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New Thinking about the Mathematical Education of Teachers

alanby Alan Tucker
October 2000

A forthcoming Conference Board on Mathematical Sciences report calls for rethinking the mathematical education of teachers at U.S. colleges and universities. (See CBMS Mathematical Education of Teachers Project Report at Recently, realization has been growing that more substantial mathematical content knowledge is needed for teaching school mathematics than was previously believed. For example, this knowledge should prepare an elementary school teacher to assess the validity of the following subtraction algorithm proposed by a student, by using properties of the place-value system of numbers:

43 – 27 = (40 – 20) + (3 – 7), where 40 – 20 is tens-place subtraction and 3 – 7 is ones-place subtraction,
= 20 + –4
= 16

International studies have also highlighted the importance of continuing study as an integral part of a teacher's school week. Thus, college mathematics courses should prepare teachers to learn much of the mathematics that they will need to know in the future rather than try to cram everything into the initial college education.

A preliminary draft form of some key recommendations in the report includes the following:

  1. Future teachers need mathematics courses that develop an in-depth understanding of the mathematics that they will teach.

    Courses about school mathematics should focus on a thorough development of basic mathematical ideas. Attention to the broad and flexible applicability of basic ideas and modes of reasoning is preferable to superficial coverage of many topics. All courses designed for future teachers should develop careful reasoning and mathematical common sense in analyzing conceptual relationships and in applied problem solving. Future teachers should learn how basic mathematical ideas combine to form the skeleton on which specific mathematics lessons are built. For example, the ideas of function, of algebraic representation of information, and of graphical representation (analytic geometry) form the basis of most of high school algebra and trigonometry.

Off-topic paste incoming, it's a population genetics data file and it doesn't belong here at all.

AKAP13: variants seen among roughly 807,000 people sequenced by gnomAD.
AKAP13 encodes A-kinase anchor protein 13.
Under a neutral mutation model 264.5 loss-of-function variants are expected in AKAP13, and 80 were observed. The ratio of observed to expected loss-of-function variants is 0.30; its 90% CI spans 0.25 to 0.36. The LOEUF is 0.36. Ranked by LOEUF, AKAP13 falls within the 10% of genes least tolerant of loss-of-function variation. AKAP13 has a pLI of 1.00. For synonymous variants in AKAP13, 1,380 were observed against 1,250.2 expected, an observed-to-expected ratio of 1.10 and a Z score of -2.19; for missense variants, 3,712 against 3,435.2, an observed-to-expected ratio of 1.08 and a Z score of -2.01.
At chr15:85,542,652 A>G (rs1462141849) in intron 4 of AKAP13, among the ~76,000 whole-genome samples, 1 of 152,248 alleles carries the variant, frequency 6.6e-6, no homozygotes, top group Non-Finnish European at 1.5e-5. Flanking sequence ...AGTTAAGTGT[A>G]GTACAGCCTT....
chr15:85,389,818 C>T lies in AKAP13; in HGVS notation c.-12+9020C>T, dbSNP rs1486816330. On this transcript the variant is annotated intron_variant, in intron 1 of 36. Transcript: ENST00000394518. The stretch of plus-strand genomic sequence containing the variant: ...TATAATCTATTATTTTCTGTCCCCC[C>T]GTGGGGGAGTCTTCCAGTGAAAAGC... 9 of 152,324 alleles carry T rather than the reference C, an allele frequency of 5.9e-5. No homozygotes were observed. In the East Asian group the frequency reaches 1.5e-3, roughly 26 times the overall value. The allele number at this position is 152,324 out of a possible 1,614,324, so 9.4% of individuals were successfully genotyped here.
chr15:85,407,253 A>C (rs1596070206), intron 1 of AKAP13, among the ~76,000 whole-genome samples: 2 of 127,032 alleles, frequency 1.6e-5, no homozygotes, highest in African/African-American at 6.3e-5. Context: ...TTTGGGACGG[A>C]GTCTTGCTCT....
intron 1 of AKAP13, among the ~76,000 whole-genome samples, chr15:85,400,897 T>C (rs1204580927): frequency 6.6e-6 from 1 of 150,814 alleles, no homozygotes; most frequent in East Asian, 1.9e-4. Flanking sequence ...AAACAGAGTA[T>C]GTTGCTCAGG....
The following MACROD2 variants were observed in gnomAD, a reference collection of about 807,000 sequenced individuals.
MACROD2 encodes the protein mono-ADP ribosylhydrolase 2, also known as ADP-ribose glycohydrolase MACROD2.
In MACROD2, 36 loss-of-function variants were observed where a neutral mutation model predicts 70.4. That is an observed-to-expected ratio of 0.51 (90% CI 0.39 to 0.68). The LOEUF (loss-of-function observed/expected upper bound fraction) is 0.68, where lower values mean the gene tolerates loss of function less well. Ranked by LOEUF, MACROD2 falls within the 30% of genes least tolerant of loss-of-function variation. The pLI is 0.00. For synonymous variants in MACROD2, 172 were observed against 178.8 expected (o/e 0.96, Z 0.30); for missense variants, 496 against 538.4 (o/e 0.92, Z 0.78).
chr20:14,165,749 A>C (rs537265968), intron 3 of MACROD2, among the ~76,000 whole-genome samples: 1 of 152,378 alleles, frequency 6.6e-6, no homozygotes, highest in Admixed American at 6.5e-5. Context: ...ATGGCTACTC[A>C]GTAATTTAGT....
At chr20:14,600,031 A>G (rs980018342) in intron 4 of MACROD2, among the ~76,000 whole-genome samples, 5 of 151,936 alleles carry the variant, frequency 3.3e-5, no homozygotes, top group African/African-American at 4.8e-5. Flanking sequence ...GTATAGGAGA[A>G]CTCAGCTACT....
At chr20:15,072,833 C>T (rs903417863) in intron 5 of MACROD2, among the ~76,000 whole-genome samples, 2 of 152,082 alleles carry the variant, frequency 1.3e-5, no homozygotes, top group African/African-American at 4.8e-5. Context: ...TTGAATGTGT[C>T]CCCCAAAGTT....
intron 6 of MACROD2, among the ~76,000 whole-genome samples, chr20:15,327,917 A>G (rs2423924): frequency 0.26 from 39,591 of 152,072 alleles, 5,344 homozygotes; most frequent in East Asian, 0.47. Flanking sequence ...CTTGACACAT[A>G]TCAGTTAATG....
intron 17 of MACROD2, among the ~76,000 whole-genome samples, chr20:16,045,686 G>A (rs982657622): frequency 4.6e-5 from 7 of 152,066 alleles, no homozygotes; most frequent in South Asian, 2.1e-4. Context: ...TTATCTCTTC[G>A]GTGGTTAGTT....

2. Elementary school teachers should take at least 9 semester hours of mathematics. Middle school teachers of mathematics (grades 5–8) should take at least 21 semester hours of mathematics. High school teachers of mathematics should complete the equivalent of an undergraduate major in mathematics.

    Elementary and middle school programs should include at least 9 semester hours in the mathematical knowledge needed to teach school mathematics well. High school programs should have at least 6 semester hours in the foundations of high school mathematics.

  3. Teacher education must be recognized as an important part of the mission of mathematics departments at institutions that educate teachers.

    Mathematics departments need to devote commensurate resources to designing and offering courses for teachers. They need to value and properly reward faculty members who are heavily involved in teacher education. In return, mathematics departments should receive the resources that they need to follow through on their commitment to high-quality teacher education.

    Mathematics departments engaged in teacher preparation should establish a committee on teacher education. In addition to monitoring teacher education, this committee can serve as a vehicle to engage more faculty in teacher preparation. Mathematics departments that grant doctoral degrees are encouraged to incorporate teacher education as a part of the instructional component of doctoral training.


Alan Tucker,, is a professor of applied mathematics and statistics at the State University of New York, Stony Brook, and is the lead writer on the Math Education of Teachers Project of the Conference Board of Mathematical Sciences.



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